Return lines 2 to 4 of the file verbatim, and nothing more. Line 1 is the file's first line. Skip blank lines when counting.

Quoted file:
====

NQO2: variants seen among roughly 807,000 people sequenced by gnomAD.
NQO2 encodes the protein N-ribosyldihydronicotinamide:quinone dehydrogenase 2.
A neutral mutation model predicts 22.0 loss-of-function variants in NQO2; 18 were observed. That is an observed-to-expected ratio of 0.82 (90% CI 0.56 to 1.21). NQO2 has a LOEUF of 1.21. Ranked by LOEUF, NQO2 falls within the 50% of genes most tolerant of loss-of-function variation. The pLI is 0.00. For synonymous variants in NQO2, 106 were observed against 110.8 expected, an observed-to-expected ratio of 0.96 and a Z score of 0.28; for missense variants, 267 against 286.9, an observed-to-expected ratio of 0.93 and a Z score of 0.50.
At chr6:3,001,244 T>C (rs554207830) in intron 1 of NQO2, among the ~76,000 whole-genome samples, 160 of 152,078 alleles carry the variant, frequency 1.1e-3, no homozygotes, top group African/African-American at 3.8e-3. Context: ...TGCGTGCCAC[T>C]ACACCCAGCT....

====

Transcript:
NQO2 encodes the protein N-ribosyldihydronicotinamide:quinone dehydrogenase 2.
A neutral mutation model predicts 22.0 loss-of-function variants in NQO2; 18 were observed. That is an observed-to-expected ratio of 0.82 (90% CI 0.56 to 1.21). NQO2 has a LOEUF of 1.21. Ranked by LOEUF, NQO2 falls within the 50% of genes most tolerant of loss-of-function variation. The pLI is 0.00. For synonymous variants in NQO2, 106 were observed against 110.8 expected, an observed-to-expected ratio of 0.96 and a Z score of 0.28; for missense variants, 267 against 286.9, an observed-to-expected ratio of 0.93 and a Z score of 0.50.
At chr6:3,001,244 T>C (rs554207830) in intron 1 of NQO2, among the ~76,000 whole-genome samples, 160 of 152,078 alleles carry the variant, frequency 1.1e-3, no homozygotes, top group African/African-American at 3.8e-3. Context: ...TGCGTGCCAC[T>C]ACACCCAGCT....